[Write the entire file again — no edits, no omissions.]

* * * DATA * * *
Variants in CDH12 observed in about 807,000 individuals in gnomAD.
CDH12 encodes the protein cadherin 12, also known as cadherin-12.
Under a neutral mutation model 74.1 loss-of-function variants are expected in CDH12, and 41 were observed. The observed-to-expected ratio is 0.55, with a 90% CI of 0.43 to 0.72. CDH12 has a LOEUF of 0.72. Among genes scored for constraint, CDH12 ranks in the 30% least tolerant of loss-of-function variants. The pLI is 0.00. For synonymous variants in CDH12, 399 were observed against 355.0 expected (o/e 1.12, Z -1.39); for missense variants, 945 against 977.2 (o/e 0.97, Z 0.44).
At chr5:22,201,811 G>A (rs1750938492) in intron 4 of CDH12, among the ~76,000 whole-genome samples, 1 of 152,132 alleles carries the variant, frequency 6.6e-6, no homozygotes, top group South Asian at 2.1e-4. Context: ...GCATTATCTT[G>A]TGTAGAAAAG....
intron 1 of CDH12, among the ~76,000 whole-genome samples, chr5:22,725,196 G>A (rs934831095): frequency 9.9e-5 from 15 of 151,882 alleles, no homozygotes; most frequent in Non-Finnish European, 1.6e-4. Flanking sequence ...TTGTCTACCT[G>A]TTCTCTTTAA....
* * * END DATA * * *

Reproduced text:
Variants in CDH12 observed in about 807,000 individuals in gnomAD.
CDH12 encodes the protein cadherin 12, also known as cadherin-12.
Under a neutral mutation model 74.1 loss-of-function variants are expected in CDH12, and 41 were observed. The observed-to-expected ratio is 0.55, with a 90% CI of 0.43 to 0.72. CDH12 has a LOEUF of 0.72. Among genes scored for constraint, CDH12 ranks in the 30% least tolerant of loss-of-function variants. The pLI is 0.00. For synonymous variants in CDH12, 399 were observed against 355.0 expected (o/e 1.12, Z -1.39); for missense variants, 945 against 977.2 (o/e 0.97, Z 0.44).
At chr5:22,201,811 G>A (rs1750938492) in intron 4 of CDH12, among the ~76,000 whole-genome samples, 1 of 152,132 alleles carries the variant, frequency 6.6e-6, no homozygotes, top group South Asian at 2.1e-4. Context: ...GCATTATCTT[G>A]TGTAGAAAAG....
intron 1 of CDH12, among the ~76,000 whole-genome samples, chr5:22,725,196 G>A (rs934831095): frequency 9.9e-5 from 15 of 151,882 alleles, no homozygotes; most frequent in Non-Finnish European, 1.6e-4. Flanking sequence ...TTGTCTACCT[G>A]TTCTCTTTAA....